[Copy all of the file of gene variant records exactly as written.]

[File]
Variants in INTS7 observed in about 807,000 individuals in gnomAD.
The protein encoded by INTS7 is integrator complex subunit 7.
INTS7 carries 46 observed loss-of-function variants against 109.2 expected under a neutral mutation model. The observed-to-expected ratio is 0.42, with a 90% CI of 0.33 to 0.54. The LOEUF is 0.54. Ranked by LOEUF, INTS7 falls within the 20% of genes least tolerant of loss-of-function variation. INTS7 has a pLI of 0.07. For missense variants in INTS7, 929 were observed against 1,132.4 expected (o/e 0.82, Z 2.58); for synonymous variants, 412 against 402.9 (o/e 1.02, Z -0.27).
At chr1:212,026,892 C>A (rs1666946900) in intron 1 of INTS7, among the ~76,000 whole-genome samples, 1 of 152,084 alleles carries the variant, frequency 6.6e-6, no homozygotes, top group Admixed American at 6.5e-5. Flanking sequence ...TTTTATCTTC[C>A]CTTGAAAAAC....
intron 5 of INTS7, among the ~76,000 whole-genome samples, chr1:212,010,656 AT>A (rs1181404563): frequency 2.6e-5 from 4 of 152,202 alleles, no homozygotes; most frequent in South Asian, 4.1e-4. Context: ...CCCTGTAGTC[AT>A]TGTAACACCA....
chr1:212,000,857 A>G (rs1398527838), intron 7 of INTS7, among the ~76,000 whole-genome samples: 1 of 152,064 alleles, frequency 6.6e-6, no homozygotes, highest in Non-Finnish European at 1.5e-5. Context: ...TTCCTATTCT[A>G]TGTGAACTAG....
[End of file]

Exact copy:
Variants in INTS7 observed in about 807,000 individuals in gnomAD.
The protein encoded by INTS7 is integrator complex subunit 7.
INTS7 carries 46 observed loss-of-function variants against 109.2 expected under a neutral mutation model. The observed-to-expected ratio is 0.42, with a 90% CI of 0.33 to 0.54. The LOEUF is 0.54. Ranked by LOEUF, INTS7 falls within the 20% of genes least tolerant of loss-of-function variation. INTS7 has a pLI of 0.07. For missense variants in INTS7, 929 were observed against 1,132.4 expected (o/e 0.82, Z 2.58); for synonymous variants, 412 against 402.9 (o/e 1.02, Z -0.27).
At chr1:212,026,892 C>A (rs1666946900) in intron 1 of INTS7, among the ~76,000 whole-genome samples, 1 of 152,084 alleles carries the variant, frequency 6.6e-6, no homozygotes, top group Admixed American at 6.5e-5. Flanking sequence ...TTTTATCTTC[C>A]CTTGAAAAAC....
intron 5 of INTS7, among the ~76,000 whole-genome samples, chr1:212,010,656 AT>A (rs1181404563): frequency 2.6e-5 from 4 of 152,202 alleles, no homozygotes; most frequent in South Asian, 4.1e-4. Context: ...CCCTGTAGTC[AT>A]TGTAACACCA....
chr1:212,000,857 A>G (rs1398527838), intron 7 of INTS7, among the ~76,000 whole-genome samples: 1 of 152,064 alleles, frequency 6.6e-6, no homozygotes, highest in Non-Finnish European at 1.5e-5. Context: ...TTCCTATTCT[A>G]TGTGAACTAG....